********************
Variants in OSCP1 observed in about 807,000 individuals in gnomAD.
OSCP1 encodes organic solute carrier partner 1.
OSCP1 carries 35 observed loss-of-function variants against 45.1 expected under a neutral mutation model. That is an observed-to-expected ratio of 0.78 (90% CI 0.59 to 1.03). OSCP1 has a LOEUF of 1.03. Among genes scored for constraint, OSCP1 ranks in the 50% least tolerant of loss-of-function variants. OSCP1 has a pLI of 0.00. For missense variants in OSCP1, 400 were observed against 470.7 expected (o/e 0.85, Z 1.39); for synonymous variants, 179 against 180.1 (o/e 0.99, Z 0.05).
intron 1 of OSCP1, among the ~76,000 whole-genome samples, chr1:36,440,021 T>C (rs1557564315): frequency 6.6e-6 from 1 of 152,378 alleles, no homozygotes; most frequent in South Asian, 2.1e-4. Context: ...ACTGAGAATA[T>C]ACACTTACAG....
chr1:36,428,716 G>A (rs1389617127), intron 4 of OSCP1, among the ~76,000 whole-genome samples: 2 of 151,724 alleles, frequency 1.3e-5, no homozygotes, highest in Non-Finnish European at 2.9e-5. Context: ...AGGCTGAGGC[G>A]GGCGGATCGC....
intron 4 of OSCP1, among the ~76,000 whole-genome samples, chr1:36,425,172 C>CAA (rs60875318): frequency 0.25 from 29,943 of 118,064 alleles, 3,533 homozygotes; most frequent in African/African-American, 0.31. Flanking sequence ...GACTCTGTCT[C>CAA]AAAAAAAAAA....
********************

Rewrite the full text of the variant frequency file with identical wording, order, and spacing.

Variants in OSCP1 observed in about 807,000 individuals in gnomAD.
OSCP1 encodes organic solute carrier partner 1.
OSCP1 carries 35 observed loss-of-function variants against 45.1 expected under a neutral mutation model. That is an observed-to-expected ratio of 0.78 (90% CI 0.59 to 1.03). OSCP1 has a LOEUF of 1.03. Among genes scored for constraint, OSCP1 ranks in the 50% least tolerant of loss-of-function variants. OSCP1 has a pLI of 0.00. For missense variants in OSCP1, 400 were observed against 470.7 expected (o/e 0.85, Z 1.39); for synonymous variants, 179 against 180.1 (o/e 0.99, Z 0.05).
intron 1 of OSCP1, among the ~76,000 whole-genome samples, chr1:36,440,021 T>C (rs1557564315): frequency 6.6e-6 from 1 of 152,378 alleles, no homozygotes; most frequent in South Asian, 2.1e-4. Context: ...ACTGAGAATA[T>C]ACACTTACAG....
chr1:36,428,716 G>A (rs1389617127), intron 4 of OSCP1, among the ~76,000 whole-genome samples: 2 of 151,724 alleles, frequency 1.3e-5, no homozygotes, highest in Non-Finnish European at 2.9e-5. Context: ...AGGCTGAGGC[G>A]GGCGGATCGC....
intron 4 of OSCP1, among the ~76,000 whole-genome samples, chr1:36,425,172 C>CAA (rs60875318): frequency 0.25 from 29,943 of 118,064 alleles, 3,533 homozygotes; most frequent in African/African-American, 0.31. Flanking sequence ...GACTCTGTCT[C>CAA]AAAAAAAAAA....